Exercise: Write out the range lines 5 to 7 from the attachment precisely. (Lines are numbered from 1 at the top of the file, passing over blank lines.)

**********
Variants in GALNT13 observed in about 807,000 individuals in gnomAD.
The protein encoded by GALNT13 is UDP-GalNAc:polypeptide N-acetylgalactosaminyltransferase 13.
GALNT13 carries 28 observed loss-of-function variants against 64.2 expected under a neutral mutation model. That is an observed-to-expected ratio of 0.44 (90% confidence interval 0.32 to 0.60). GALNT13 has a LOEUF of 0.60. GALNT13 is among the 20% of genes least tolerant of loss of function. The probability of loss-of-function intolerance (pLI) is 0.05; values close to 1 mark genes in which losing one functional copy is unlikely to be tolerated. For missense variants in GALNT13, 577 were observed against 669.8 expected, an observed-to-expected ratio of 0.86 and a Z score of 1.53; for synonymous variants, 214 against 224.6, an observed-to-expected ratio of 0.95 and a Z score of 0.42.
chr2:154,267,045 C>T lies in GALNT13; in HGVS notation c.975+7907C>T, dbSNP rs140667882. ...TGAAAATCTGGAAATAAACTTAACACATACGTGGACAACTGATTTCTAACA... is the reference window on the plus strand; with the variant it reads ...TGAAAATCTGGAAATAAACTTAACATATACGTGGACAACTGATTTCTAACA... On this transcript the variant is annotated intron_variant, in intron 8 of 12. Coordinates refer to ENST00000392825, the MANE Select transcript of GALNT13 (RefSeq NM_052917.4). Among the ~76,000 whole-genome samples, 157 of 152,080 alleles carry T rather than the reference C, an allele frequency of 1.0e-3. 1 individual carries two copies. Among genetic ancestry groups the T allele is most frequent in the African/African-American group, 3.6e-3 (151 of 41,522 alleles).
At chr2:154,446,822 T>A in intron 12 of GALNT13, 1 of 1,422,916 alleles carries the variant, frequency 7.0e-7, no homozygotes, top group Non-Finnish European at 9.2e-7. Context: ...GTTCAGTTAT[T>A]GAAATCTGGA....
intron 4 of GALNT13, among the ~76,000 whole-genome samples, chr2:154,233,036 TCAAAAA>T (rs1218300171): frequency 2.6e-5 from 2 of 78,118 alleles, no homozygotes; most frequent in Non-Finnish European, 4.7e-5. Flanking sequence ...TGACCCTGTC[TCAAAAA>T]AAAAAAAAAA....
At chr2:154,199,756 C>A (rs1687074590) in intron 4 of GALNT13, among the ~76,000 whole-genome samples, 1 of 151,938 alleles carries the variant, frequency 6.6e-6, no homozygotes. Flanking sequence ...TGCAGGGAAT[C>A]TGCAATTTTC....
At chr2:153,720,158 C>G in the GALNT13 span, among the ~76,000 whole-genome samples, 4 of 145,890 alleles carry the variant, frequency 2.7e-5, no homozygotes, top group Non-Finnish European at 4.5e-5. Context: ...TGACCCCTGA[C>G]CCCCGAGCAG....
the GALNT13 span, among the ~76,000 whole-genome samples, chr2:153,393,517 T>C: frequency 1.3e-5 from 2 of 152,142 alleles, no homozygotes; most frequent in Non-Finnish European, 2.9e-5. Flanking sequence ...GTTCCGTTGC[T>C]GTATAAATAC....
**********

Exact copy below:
At chr2:154,446,822 T>A in intron 12 of GALNT13, 1 of 1,422,916 alleles carries the variant, frequency 7.0e-7, no homozygotes, top group Non-Finnish European at 9.2e-7. Context: ...GTTCAGTTAT[T>A]GAAATCTGGA....
intron 4 of GALNT13, among the ~76,000 whole-genome samples, chr2:154,233,036 TCAAAAA>T (rs1218300171): frequency 2.6e-5 from 2 of 78,118 alleles, no homozygotes; most frequent in Non-Finnish European, 4.7e-5. Flanking sequence ...TGACCCTGTC[TCAAAAA>T]AAAAAAAAAA....
At chr2:154,199,756 C>A (rs1687074590) in intron 4 of GALNT13, among the ~76,000 whole-genome samples, 1 of 151,938 alleles carries the variant, frequency 6.6e-6, no homozygotes. Flanking sequence ...TGCAGGGAAT[C>A]TGCAATTTTC....